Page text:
hookers spit, but other than that. It's outrageous. Your ethical obligation is to say nice things about the wineries that give you free stuff, and only nice things.
First off, you're not really qualified to judge wines, so why would you
risk appearing stupid and ridicule that Moscato d'Asti for having some
sort of chemical problem that makes it fizzy? Just say something nice,
you got it for free, didn't your mother teach you to say thank you? This
is so obvious, I wonder why it has to be said. Sheesh.
this is simple. Everything you can think of, especially you, to say
about wine has been said before and said far better than your miserable
vocabulary allows you to say. Oh, goody, you discovered Aglianico, a
wine that's been around for thousands of years but you're the first one
to notice it's pretty good wine if you like that Southern Italian crap
even though the ones they're starting to make in California are sooo
much better. Great. Fascinating. I'm quivering with excitement. Believe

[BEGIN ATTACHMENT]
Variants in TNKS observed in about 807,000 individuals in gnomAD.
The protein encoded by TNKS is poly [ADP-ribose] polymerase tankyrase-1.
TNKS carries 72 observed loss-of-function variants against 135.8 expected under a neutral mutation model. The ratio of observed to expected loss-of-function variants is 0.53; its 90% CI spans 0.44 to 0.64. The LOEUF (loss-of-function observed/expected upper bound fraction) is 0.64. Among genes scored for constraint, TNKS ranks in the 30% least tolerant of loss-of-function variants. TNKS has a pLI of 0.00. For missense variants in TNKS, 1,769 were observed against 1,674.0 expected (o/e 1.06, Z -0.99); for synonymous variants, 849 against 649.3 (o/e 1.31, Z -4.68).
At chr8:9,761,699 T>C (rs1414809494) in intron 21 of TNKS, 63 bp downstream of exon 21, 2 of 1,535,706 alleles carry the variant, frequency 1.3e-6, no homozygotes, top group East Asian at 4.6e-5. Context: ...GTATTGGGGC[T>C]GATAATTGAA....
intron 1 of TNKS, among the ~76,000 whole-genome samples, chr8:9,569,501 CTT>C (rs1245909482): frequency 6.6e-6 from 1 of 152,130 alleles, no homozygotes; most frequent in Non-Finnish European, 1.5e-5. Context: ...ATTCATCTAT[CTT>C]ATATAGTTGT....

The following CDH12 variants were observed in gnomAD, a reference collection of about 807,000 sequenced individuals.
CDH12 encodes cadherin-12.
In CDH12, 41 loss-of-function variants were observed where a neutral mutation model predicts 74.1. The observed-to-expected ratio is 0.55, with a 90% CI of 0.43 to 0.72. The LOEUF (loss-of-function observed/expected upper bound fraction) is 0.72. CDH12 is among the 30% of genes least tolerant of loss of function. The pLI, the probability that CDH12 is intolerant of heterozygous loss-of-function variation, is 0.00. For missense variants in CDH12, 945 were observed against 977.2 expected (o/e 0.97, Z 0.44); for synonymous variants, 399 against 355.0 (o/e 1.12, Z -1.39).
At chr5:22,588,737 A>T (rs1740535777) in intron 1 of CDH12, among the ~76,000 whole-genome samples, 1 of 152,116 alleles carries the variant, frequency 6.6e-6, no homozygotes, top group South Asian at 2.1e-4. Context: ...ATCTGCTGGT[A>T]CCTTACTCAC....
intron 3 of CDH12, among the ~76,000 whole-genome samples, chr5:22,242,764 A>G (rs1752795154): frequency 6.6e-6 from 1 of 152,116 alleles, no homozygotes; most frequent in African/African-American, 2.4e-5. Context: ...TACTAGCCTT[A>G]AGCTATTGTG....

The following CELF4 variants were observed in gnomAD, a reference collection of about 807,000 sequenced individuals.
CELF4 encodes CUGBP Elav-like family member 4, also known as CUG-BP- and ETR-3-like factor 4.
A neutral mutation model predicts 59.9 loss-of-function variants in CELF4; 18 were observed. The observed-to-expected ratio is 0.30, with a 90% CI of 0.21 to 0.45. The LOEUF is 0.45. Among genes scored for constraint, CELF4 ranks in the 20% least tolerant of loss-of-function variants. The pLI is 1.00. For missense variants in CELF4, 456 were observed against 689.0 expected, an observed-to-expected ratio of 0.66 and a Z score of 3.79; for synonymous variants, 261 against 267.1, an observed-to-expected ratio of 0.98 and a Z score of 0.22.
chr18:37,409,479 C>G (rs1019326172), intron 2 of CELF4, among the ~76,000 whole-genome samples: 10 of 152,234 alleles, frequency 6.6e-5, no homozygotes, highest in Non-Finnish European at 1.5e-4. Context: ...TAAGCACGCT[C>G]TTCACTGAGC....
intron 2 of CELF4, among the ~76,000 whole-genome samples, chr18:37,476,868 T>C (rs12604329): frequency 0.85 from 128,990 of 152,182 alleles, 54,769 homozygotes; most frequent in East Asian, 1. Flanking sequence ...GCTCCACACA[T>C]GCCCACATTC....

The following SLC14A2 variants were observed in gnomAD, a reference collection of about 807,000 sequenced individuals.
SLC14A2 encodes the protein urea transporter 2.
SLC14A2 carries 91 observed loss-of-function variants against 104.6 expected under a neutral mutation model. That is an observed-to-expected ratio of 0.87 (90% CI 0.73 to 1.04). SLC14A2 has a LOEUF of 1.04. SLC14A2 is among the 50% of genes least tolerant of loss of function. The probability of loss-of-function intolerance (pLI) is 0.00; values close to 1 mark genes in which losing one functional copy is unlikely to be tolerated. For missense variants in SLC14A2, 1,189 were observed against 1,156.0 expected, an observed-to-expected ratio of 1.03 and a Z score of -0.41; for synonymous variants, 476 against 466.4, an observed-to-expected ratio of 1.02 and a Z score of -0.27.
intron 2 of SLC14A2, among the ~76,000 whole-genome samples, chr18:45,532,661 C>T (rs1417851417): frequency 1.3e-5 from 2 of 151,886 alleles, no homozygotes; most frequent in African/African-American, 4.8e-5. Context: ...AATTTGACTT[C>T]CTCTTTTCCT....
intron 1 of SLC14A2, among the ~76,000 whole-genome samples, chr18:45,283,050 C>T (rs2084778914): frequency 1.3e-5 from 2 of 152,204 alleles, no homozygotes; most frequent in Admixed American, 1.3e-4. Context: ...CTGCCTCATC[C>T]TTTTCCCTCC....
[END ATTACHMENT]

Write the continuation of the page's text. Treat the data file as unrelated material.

me, everything you have to say about Aglianico, the grape and the free
bottle of wine you're talking about, and every other wine, has been said
more articulately and more eloquently. And
yet, it is your ethical responsibility to bring the level of discussion
down to where the kind of dolts who read wine blogs can understand it.
Your job is to educate the poor slobs who know less than you about
wine, the fools who've only been learning about wine for eight months
when you've been reading Lettie Teague for years, the sad group of
humans who don't know what to buy when they're shopping at BevMo and
someone has torn down the Wilfred Wong recommendations and put up
pictures of kitties instead, though the kitties would be more useful
than Wilfred for explaining the crap BevMo sells. Your job is to say, in
very simple phrases and poor English, what has been said before. This
is how wine blogs work. Don't go trying to be original. Really. This is
important. Just look at the top wine blogs. See anything original? No.
Take a hint. Figure it out. Genius.
And when you're not reviewing
wines or writing about your annoying children or filling your pointless
blog with more links than a Jimmy Dean warehouse, you can always plug